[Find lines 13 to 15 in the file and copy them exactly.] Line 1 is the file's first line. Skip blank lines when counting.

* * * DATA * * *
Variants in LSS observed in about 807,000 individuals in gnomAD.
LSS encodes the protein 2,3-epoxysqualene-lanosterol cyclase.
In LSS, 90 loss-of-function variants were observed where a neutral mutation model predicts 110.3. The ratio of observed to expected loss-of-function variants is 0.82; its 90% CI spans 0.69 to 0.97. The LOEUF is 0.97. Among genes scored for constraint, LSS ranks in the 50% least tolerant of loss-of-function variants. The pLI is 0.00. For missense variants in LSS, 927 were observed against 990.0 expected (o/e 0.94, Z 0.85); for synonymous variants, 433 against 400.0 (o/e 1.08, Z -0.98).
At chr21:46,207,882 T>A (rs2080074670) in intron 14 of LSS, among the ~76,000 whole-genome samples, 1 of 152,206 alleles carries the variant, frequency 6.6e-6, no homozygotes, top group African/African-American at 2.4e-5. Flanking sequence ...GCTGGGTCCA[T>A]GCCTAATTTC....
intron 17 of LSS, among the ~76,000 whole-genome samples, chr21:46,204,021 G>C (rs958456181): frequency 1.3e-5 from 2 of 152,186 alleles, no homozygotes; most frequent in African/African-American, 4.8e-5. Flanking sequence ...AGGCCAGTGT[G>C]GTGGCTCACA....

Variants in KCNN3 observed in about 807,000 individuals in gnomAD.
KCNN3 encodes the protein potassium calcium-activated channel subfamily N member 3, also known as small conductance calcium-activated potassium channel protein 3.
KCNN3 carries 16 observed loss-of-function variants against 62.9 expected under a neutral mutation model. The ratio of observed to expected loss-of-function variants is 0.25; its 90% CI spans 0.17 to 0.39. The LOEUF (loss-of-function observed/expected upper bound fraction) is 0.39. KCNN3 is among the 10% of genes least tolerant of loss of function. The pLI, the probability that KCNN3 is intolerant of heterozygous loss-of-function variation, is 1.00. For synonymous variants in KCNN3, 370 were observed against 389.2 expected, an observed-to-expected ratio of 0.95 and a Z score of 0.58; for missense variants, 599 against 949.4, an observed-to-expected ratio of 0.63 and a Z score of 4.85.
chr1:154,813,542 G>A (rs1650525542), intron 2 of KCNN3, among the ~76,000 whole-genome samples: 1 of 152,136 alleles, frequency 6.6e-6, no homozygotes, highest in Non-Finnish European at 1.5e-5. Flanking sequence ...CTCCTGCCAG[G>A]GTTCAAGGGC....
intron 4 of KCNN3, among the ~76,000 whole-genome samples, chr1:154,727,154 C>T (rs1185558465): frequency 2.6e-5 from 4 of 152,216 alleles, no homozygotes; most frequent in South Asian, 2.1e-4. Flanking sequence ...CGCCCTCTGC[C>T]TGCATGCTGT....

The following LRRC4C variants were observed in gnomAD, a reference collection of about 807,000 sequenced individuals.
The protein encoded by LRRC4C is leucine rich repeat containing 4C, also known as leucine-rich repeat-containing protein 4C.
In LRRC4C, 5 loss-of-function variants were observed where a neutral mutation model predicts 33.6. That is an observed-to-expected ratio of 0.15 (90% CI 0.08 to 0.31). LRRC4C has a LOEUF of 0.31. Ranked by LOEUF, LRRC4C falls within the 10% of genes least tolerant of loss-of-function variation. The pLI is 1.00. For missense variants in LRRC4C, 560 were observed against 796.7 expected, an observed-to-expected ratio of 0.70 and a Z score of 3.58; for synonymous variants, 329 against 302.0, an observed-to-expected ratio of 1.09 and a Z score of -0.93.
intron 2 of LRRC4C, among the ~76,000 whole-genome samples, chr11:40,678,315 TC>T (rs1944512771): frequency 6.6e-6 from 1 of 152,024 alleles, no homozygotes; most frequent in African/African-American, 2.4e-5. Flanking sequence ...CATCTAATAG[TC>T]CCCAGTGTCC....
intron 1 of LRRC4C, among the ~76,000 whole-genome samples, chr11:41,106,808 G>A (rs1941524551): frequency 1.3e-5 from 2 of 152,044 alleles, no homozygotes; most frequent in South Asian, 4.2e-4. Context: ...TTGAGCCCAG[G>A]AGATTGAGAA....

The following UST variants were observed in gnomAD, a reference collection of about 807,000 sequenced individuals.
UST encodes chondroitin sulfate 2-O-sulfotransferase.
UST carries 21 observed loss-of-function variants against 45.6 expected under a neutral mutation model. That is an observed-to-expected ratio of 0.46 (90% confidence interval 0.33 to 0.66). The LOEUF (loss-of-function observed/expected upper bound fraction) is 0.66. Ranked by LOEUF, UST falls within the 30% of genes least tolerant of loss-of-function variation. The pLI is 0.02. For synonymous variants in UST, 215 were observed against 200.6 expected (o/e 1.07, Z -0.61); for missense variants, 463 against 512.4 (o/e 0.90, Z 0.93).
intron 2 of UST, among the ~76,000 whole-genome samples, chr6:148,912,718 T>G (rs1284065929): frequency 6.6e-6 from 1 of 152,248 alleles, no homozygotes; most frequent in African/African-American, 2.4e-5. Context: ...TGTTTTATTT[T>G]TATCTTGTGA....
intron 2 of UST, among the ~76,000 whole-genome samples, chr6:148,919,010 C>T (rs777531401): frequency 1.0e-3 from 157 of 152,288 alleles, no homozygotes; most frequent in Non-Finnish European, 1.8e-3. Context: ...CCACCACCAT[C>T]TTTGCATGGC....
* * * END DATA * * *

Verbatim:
In LRRC4C, 5 loss-of-function variants were observed where a neutral mutation model predicts 33.6. That is an observed-to-expected ratio of 0.15 (90% CI 0.08 to 0.31). LRRC4C has a LOEUF of 0.31. Ranked by LOEUF, LRRC4C falls within the 10% of genes least tolerant of loss-of-function variation. The pLI is 1.00. For missense variants in LRRC4C, 560 were observed against 796.7 expected, an observed-to-expected ratio of 0.70 and a Z score of 3.58; for synonymous variants, 329 against 302.0, an observed-to-expected ratio of 1.09 and a Z score of -0.93.
intron 2 of LRRC4C, among the ~76,000 whole-genome samples, chr11:40,678,315 TC>T (rs1944512771): frequency 6.6e-6 from 1 of 152,024 alleles, no homozygotes; most frequent in African/African-American, 2.4e-5. Flanking sequence ...CATCTAATAG[TC>T]CCCAGTGTCC....
intron 1 of LRRC4C, among the ~76,000 whole-genome samples, chr11:41,106,808 G>A (rs1941524551): frequency 1.3e-5 from 2 of 152,044 alleles, no homozygotes; most frequent in South Asian, 4.2e-4. Context: ...TTGAGCCCAG[G>A]AGATTGAGAA....